By looking farther into space, scientists are effectively able to peer back in time, since the light we see from distant objects is light that left there billions of years ago. Astronomers observed many supernovas at different distances to determine how fast they are speeding away from us, and these measurements subsequently implied a strange force – dark energy – was flinging the objects out at accelerating speeds.

The new survey provides two separate methods for independently checking these results. This is the first time astronomers performed these checks across the whole cosmic time span dominated by dark energy.

Astronomers began by assembling the largest three-dimensional map of galaxies in the distant universe, as spotted by GALEX.

“The Galaxy Evolution Explorer helped identify bright, young galaxies, which are ideal for this type of study,” said Christopher Martin, principal investigator for the mission at the California Institute of Technology in Pasadena, Calif. “It provided the scaffolding for this enormous 3-D map.”

Mapping the cosmos

Detailed information about the light for each galaxy was obtained from the Anglo-Australian Telescope, and the team of astronomers studied the pattern of distance between them. Sound waves from the very early universe left imprints in the patterns of galaxies, causing galactic pairs to be separated by approximately 500 million light-years.

Blake and his colleagues used this figure as a yardstick to determine the distance from the galaxy pairs to Earth. Similar to the supernova studies, these distance data were combined with information about the speeds the galaxy pairs are moving away from us.

This revealed, yet again, that the fabric of space is stretching apart faster and faster.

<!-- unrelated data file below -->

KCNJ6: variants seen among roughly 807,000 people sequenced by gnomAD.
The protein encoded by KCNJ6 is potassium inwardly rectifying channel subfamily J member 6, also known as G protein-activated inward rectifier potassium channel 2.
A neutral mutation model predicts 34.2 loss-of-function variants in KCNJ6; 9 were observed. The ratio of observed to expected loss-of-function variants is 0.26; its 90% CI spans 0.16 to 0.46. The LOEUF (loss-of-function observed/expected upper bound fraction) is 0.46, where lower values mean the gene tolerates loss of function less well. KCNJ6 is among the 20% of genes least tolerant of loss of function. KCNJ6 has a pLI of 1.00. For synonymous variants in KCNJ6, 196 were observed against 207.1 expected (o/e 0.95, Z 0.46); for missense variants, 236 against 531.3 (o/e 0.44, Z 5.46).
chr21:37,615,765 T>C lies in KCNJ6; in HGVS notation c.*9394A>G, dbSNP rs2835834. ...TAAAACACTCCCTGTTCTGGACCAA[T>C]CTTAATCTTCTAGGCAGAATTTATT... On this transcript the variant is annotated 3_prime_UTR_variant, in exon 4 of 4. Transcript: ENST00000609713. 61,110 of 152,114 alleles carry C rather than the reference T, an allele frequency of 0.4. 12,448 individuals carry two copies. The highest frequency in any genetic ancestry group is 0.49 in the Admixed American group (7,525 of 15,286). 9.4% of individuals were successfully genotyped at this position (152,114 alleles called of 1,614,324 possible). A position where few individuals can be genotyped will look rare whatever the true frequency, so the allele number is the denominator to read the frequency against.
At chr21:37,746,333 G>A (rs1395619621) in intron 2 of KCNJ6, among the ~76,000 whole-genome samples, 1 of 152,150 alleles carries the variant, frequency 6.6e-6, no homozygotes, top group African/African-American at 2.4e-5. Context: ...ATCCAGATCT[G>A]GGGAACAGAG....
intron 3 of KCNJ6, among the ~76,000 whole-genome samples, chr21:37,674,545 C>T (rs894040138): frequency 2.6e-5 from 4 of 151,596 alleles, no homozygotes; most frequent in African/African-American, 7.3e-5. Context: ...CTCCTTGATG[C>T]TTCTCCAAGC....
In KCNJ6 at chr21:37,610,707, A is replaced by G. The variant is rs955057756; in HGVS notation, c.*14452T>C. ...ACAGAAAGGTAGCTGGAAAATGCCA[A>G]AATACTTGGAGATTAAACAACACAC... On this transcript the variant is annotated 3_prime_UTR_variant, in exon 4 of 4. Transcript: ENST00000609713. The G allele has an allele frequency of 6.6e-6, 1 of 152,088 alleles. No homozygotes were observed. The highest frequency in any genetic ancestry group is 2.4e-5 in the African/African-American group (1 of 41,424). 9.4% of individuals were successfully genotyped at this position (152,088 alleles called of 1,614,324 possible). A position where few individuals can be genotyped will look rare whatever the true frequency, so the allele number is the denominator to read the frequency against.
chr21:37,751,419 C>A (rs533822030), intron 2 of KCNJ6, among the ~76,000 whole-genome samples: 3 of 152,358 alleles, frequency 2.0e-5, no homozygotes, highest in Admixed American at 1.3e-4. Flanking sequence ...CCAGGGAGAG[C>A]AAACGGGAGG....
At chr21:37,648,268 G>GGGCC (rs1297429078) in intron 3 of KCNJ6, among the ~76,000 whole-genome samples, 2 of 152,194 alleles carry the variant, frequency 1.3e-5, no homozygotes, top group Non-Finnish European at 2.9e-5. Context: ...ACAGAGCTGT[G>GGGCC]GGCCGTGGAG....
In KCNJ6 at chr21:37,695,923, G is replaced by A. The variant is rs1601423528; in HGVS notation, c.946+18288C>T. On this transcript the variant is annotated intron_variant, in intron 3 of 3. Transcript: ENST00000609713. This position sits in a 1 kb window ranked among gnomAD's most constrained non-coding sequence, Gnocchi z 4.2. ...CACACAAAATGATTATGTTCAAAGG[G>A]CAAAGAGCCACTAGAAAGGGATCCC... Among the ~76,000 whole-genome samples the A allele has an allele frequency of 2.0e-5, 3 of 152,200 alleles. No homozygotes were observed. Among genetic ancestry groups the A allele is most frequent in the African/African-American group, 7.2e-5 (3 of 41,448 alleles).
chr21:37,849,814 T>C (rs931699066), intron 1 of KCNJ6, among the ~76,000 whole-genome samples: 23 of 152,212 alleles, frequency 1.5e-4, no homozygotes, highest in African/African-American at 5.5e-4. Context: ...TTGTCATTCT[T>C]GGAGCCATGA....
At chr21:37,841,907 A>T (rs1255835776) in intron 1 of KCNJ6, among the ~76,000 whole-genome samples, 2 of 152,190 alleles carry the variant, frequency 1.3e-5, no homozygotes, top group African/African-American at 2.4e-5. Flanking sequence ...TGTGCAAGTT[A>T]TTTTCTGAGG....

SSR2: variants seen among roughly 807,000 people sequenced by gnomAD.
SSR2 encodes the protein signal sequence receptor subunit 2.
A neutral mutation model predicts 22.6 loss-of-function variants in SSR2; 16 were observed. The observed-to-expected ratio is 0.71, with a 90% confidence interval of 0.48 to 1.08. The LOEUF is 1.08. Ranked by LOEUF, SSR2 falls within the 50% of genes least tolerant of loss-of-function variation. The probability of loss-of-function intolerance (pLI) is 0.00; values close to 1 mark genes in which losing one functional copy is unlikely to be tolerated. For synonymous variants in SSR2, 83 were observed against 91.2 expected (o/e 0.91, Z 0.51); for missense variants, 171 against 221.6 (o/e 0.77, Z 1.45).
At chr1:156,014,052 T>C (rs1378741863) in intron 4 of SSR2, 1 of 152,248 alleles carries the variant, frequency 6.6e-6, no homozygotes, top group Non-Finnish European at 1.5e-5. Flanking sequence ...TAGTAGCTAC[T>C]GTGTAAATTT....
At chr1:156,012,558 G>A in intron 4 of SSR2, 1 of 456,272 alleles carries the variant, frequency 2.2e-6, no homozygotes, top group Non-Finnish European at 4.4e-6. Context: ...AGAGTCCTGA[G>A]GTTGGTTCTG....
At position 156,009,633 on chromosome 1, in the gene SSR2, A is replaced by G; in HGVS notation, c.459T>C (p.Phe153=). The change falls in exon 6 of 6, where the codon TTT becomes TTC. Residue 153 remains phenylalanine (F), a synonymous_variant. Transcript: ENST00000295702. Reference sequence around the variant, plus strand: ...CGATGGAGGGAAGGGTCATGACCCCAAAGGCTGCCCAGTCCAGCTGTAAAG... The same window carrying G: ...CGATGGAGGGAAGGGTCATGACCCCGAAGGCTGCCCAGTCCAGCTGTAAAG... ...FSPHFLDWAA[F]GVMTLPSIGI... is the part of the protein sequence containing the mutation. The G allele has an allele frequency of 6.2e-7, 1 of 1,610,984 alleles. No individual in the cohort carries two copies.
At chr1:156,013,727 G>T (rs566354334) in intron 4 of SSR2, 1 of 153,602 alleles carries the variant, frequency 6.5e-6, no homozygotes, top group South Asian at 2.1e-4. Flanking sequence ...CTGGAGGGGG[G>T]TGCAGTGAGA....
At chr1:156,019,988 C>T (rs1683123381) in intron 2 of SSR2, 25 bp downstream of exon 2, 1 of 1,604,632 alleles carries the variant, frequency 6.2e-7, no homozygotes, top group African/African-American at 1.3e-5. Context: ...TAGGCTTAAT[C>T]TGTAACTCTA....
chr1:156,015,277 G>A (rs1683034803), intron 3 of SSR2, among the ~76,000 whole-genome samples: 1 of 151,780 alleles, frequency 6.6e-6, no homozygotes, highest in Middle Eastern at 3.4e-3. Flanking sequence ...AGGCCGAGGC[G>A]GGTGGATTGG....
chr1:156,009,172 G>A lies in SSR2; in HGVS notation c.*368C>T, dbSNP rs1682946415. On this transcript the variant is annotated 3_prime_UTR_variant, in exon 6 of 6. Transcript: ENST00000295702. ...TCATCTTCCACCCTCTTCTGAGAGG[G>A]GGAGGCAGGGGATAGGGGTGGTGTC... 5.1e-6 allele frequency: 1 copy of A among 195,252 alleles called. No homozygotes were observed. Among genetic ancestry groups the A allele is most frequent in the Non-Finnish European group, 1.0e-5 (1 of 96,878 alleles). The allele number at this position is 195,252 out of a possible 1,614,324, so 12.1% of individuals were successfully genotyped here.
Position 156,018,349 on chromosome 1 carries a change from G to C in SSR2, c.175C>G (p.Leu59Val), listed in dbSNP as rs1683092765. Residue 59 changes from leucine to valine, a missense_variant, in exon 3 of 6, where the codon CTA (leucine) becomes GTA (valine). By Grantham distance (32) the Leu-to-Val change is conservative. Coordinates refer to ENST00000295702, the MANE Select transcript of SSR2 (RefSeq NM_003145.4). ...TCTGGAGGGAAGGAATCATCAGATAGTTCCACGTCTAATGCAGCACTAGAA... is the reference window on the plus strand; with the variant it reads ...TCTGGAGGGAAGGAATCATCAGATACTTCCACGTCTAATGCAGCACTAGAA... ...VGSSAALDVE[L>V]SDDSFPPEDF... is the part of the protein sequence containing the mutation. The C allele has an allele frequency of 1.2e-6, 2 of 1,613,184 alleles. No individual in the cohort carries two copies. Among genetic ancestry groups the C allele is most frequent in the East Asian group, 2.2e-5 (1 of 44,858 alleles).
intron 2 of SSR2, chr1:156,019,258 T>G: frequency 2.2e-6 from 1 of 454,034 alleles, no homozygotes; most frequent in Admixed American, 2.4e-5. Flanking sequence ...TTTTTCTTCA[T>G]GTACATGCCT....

The astronomers also used the galaxy map to study how clusters of galaxies grow over time like cities, eventually containing many thousands of galaxies. The gravitational pull of the clusters attracts new galaxies, but dark energy appears to tug them apart, and scientists are able to measure dark energy’s repulsive force.

“Observations by astronomers over the last 15 years have produced one of the most startling discoveries in physical science: The expansion of the universe, triggered by the Big Bang, is speeding up,” said Jon Morse, director of the astrophysics division at NASA headquarters in Washington, D.C. “Using entirely independent methods, data from the Galaxy Evolution Explorer have helped increase our confidence in the existence of dark energy.”

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1 Comment »

  1. Refer to the website address below for the evidence of dark energy: http://news.nationalgeographic.com/news/2008/08/080811-dark-energy.html

    The following is the extract from the above websites under the fourth paragraph:

    The new image reveals the spectral fingerprints created by dark energy as it stretches huge supervoids and superclusters, structures that are roughly half a billion light-years across.

    Dark energy is being defined in http://en.wikipedia.org/wiki/Dark_energy as a hypothical form of energy that permeates all of space and tends to increase the rate of expansion of the universe. Despite there was an image to reveal the existence of something, or the so-called, dark energy, that it could stretch huge supervoids and superclusters even up to half a billion light-years across, it might not provide the truth that the universe could be expanding due to the following possibilities: